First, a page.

Excession by Iain M. Banks Book Review


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Over his colorful career as an author, Iain M. Banks has established himself as the master of the strange. Excession is the fifth installation in his highly imaginative and chilling Culture series, which takes us to a Utopian society known, unsurprisingly, as the Culture. In this post-scarcity universe, all races, including humans co-exist with savvy robots and other intelligent machines.

The lives of the citizens of this utopian society revolve around addressing the burning questions about the universe. And as a space-faring race, they confront a whole lot of these big questions. In particular, 2,500 years ago, an artifact called Excession emerged in a remote corner of space, just close to a trillion-year-old waning sun from a very far universe.

The Culture is quietly and subtly controlled by intelligent machines, also known as Minds. According to the narrator, these super-brainy artificial robots spend the vast majority of their free time self-indulging and contemplating excessively on a handful of big questions at the expense of the bigger picture that’s The Culture.

When the Excession appears in space and engages with the universe’s power grid in a manner that was initially thought to be impossible, Byr Genar-Hofoen, the head of the Department of Special Circumstance is given the go-ahead to investigate the new phenomenon. The object was a perfectly spherical black body, but it didn’t do much.

However, Byr Genar-Hofoen is distracted and sidetracked by a gorgeous and brilliant operative Ulver Seich, whom Bank intimates, is a “spoiled brat.” Among the many distractions is his ex-partner Dajeil Gelian, so the Diplomat takes too long before getting near the Excession. 

At the same time, a specific group of Minds that occupy a massive array of autonomous space-crafts is suspicious of other Minds who they think are involved in a conspiracy. If true, what is their motive?  

Meanwhile, as the Diplomat of the Department of Special Circumstance is distracted by the recently-emerged object, the torturous and cruel expansionist alien Affront takes advantage of the opportunity to take over a fleet of Culture’s battleships. From here, he kicks off a war that they realize too late that they have been compromised and couldn’t possibly win the battle.

Banks’s Excession is generously amusing and brilliantly imaginative. From one chapter to the next, the whole novel reads like a sequence of knowing jokes, but one filled with subtle chaos, messy relationships, betrayal, and battles. The author uses hilarious names, particularly for spaceships – for instance, Shoot Them Later, Not Invented Here, and so forth. While this doesn’t necessarily make up for the lack of real characters, it makes Excession one of the most readable novels for fantasy, adventure, and science fiction lovers.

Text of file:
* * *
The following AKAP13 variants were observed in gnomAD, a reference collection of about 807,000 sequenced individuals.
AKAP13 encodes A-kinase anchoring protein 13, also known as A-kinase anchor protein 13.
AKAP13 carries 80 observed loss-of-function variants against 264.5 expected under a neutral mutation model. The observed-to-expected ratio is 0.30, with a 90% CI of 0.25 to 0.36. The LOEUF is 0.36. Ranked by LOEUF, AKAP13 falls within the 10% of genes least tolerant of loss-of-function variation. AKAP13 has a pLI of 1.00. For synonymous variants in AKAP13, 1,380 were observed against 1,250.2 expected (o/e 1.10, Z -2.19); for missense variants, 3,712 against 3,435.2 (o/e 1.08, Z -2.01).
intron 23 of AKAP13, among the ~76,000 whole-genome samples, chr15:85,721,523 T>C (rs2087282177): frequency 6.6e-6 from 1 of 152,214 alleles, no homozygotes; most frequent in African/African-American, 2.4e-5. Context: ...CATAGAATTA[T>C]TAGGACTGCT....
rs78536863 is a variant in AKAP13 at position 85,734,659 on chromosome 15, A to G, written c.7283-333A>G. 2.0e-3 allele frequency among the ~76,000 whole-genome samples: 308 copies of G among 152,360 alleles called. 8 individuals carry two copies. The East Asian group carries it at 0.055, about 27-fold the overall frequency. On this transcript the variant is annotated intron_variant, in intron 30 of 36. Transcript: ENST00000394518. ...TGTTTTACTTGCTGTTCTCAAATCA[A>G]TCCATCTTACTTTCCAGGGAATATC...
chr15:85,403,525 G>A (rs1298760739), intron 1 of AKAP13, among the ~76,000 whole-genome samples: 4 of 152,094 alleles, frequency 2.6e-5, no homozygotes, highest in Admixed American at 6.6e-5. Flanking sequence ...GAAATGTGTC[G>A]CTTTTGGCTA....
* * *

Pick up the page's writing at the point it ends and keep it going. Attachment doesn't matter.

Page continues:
What’s more, the author incorporates a brilliant support cast of characters that include adorable but droll droids, beautiful yet tart-tongued heroines, and more. In some of the communications between spaceships, you can easily note that a character doesn’t have to be human to be thick-skinned, whinny, and neurotic. Banks’ cast of stammering politicians is sure to keep you smiling from page to page.

Banks uses rather fast-paced writing but occasionally decelerates to let hard science and complex scenes sink in, which lends more authenticity and human appeal to this futuristic society. When you rush through the book, you will find it to flow with a warp speed, creating a lighthearted and adventurous romp that’s sure to make your weekend or lazy evenings all the more worthwhile.

Though not strictly consistent, Excession has an incredibly inventive and ambitious concept, coupled with an epic scope and the execution is spot-on and engrossing. Together, all of these elements have helped Banks to construct one of the most memorable and enduring visions of almost post-apocalyptic fiction work.

In this easily compulsive read, you’ll find a wide range of plans within plans, plots within plots, and schemes within schemes. The stories of androids, humanoids, and other races make for an interesting read, all while piquing your conviction about the relationship between human beings and intelligent machines.

If you have set your mind on Banks’s Culture series, you have no choice but to start with Excession. It’s not just the first book in the series; it’s also the cornerstone of the story. Parting words: this book is highly recommended for you if you’re an avid fan of other fan-favorite sci-fi novels, such as Carl Freedman’s Stars in My Pockets Like Grains of Sand, Maureen F McHugh’s China Mountain Zhang, or Vonda N McIntyre’s Dreamsnake.

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